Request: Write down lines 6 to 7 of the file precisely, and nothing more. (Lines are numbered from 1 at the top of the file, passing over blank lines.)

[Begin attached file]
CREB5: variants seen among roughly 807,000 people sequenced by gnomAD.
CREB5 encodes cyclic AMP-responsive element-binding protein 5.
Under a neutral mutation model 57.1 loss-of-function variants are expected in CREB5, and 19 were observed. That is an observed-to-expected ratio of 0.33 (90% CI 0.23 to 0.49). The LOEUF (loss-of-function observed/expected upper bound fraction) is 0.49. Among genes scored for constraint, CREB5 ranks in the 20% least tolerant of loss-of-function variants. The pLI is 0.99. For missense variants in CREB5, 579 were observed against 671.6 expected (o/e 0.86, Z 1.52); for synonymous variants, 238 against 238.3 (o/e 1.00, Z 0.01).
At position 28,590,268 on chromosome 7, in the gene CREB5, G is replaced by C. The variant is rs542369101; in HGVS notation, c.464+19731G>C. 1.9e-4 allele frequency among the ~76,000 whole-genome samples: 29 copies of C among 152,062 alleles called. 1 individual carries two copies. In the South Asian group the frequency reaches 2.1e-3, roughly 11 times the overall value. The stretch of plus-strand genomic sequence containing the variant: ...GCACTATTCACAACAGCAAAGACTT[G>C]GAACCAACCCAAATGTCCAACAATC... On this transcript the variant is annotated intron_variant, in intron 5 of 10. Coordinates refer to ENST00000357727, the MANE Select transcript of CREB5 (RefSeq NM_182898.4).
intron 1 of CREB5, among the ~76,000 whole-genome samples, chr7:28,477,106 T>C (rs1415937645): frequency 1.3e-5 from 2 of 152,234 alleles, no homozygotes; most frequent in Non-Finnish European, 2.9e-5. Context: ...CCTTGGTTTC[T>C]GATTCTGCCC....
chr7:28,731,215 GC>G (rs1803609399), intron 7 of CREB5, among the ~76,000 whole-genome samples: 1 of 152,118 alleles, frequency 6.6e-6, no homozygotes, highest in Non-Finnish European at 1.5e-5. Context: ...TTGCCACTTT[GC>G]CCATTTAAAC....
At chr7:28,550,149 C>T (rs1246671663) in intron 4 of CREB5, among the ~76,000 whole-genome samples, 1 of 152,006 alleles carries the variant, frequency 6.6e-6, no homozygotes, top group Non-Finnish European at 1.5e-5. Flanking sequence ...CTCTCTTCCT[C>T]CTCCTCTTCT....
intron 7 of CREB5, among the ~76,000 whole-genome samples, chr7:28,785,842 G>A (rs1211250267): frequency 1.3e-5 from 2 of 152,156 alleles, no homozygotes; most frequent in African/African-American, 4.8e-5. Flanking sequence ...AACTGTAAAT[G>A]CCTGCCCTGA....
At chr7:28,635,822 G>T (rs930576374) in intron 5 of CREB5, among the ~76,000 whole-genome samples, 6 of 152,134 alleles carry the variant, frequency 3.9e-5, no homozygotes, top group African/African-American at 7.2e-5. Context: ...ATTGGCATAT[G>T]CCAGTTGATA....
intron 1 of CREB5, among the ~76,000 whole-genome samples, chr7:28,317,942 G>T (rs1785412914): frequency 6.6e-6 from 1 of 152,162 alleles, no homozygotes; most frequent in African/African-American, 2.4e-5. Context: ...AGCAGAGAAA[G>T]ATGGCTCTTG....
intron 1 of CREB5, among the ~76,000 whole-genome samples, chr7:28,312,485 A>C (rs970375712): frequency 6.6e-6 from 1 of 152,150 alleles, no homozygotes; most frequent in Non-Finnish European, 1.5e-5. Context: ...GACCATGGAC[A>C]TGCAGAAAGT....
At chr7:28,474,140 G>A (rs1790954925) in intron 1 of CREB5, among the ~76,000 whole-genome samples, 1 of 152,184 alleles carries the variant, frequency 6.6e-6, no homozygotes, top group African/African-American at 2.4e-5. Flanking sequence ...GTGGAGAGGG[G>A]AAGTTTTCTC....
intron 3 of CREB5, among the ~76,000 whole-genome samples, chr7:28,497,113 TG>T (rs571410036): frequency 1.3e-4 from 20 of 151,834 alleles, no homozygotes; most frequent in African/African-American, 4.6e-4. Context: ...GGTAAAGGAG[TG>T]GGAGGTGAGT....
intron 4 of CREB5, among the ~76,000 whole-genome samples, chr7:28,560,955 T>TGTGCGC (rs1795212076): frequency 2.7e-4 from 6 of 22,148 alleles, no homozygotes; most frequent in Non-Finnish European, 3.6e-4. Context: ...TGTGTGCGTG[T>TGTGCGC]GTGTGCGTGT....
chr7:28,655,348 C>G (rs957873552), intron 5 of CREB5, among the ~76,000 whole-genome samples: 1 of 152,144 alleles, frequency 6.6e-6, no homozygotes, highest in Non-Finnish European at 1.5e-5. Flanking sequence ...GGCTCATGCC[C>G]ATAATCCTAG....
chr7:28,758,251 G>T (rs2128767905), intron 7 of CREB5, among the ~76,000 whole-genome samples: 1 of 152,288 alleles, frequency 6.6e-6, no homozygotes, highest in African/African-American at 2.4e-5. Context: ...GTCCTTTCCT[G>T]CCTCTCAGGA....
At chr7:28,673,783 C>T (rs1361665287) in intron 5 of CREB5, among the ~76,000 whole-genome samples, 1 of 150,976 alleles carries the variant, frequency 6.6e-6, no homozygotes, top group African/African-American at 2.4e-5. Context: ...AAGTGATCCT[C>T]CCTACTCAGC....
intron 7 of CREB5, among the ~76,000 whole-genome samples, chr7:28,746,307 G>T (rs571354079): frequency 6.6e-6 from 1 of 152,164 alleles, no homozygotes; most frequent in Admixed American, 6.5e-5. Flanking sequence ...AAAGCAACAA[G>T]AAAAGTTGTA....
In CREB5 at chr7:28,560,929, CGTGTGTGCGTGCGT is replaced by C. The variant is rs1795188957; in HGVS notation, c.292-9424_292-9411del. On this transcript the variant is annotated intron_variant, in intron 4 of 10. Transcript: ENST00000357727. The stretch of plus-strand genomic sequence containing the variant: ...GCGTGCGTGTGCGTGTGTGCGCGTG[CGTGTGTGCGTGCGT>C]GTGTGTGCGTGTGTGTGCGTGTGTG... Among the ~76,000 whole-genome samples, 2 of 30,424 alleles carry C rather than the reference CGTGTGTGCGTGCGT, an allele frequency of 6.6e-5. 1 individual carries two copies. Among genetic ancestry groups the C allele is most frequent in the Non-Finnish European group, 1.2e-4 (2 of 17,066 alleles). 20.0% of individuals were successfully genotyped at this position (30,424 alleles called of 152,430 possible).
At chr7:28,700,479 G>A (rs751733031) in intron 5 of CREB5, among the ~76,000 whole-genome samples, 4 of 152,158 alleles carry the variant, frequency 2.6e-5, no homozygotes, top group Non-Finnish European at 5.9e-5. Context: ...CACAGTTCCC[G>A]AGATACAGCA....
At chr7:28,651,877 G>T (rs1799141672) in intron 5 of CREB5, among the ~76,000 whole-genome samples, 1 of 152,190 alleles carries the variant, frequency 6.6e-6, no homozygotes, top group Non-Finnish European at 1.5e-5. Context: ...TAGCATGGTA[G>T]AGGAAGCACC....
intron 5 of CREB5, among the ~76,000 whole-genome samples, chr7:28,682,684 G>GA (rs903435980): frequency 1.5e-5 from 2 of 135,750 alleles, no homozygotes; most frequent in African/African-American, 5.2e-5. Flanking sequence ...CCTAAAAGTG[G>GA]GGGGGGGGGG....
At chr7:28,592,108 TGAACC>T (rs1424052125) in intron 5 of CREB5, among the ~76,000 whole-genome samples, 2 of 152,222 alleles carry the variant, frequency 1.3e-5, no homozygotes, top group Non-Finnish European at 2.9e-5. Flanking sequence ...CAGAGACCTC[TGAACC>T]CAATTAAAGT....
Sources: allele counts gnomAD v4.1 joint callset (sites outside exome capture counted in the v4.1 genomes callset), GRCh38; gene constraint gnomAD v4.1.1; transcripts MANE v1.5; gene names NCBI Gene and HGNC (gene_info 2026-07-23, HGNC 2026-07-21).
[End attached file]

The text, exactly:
chr7:28,731,215 GC>G (rs1803609399), intron 7 of CREB5, among the ~76,000 whole-genome samples: 1 of 152,118 alleles, frequency 6.6e-6, no homozygotes, highest in Non-Finnish European at 1.5e-5. Context: ...TTGCCACTTT[GC>G]CCATTTAAAC....
At chr7:28,550,149 C>T (rs1246671663) in intron 4 of CREB5, among the ~76,000 whole-genome samples, 1 of 152,006 alleles carries the variant, frequency 6.6e-6, no homozygotes, top group Non-Finnish European at 1.5e-5. Flanking sequence ...CTCTCTTCCT[C>T]CTCCTCTTCT....